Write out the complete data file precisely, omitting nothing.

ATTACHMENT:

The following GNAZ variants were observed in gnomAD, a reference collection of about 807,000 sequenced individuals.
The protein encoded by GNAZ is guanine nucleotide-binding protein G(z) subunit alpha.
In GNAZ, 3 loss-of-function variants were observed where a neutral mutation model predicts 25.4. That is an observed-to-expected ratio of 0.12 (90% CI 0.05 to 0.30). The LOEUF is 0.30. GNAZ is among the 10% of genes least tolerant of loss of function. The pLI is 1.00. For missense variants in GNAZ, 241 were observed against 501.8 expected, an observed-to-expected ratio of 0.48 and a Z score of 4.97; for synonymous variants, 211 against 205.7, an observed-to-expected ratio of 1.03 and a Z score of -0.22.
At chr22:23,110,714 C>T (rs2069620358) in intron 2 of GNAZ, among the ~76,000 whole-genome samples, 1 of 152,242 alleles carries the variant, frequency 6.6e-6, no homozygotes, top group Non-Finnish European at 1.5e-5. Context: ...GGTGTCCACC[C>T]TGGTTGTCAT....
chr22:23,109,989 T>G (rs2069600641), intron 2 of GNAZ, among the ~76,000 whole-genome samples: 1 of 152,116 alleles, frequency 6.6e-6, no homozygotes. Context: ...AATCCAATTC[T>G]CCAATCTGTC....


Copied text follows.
The following GNAZ variants were observed in gnomAD, a reference collection of about 807,000 sequenced individuals.
The protein encoded by GNAZ is guanine nucleotide-binding protein G(z) subunit alpha.
In GNAZ, 3 loss-of-function variants were observed where a neutral mutation model predicts 25.4. That is an observed-to-expected ratio of 0.12 (90% CI 0.05 to 0.30). The LOEUF is 0.30. GNAZ is among the 10% of genes least tolerant of loss of function. The pLI is 1.00. For missense variants in GNAZ, 241 were observed against 501.8 expected, an observed-to-expected ratio of 0.48 and a Z score of 4.97; for synonymous variants, 211 against 205.7, an observed-to-expected ratio of 1.03 and a Z score of -0.22.
At chr22:23,110,714 C>T (rs2069620358) in intron 2 of GNAZ, among the ~76,000 whole-genome samples, 1 of 152,242 alleles carries the variant, frequency 6.6e-6, no homozygotes, top group Non-Finnish European at 1.5e-5. Context: ...GGTGTCCACC[C>T]TGGTTGTCAT....
chr22:23,109,989 T>G (rs2069600641), intron 2 of GNAZ, among the ~76,000 whole-genome samples: 1 of 152,116 alleles, frequency 6.6e-6, no homozygotes. Context: ...AATCCAATTC[T>G]CCAATCTGTC....